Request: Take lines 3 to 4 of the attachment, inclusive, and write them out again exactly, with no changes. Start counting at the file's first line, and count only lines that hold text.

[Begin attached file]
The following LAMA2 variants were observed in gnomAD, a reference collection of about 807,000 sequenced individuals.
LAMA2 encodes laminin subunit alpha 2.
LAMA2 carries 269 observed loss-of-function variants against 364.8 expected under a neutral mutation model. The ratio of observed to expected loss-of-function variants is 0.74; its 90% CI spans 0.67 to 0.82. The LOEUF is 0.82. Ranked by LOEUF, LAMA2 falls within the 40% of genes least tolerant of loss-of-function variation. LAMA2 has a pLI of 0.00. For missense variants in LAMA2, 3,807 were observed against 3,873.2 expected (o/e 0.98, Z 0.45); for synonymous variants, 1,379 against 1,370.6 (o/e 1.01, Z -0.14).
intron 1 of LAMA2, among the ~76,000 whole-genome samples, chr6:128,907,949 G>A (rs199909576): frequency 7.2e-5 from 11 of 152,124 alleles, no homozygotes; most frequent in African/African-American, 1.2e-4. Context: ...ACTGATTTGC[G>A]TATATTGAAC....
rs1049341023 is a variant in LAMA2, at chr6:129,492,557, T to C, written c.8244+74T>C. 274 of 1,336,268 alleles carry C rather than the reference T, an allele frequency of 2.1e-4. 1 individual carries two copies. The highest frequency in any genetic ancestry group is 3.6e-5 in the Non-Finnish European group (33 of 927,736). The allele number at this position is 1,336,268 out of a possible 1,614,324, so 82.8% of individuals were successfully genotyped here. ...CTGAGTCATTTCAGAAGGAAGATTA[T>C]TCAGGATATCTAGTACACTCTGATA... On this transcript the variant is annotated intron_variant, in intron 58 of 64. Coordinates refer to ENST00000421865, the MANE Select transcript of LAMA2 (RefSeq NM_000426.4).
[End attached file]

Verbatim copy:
LAMA2 carries 269 observed loss-of-function variants against 364.8 expected under a neutral mutation model. The ratio of observed to expected loss-of-function variants is 0.74; its 90% CI spans 0.67 to 0.82. The LOEUF is 0.82. Ranked by LOEUF, LAMA2 falls within the 40% of genes least tolerant of loss-of-function variation. LAMA2 has a pLI of 0.00. For missense variants in LAMA2, 3,807 were observed against 3,873.2 expected (o/e 0.98, Z 0.45); for synonymous variants, 1,379 against 1,370.6 (o/e 1.01, Z -0.14).
intron 1 of LAMA2, among the ~76,000 whole-genome samples, chr6:128,907,949 G>A (rs199909576): frequency 7.2e-5 from 11 of 152,124 alleles, no homozygotes; most frequent in African/African-American, 1.2e-4. Context: ...ACTGATTTGC[G>A]TATATTGAAC....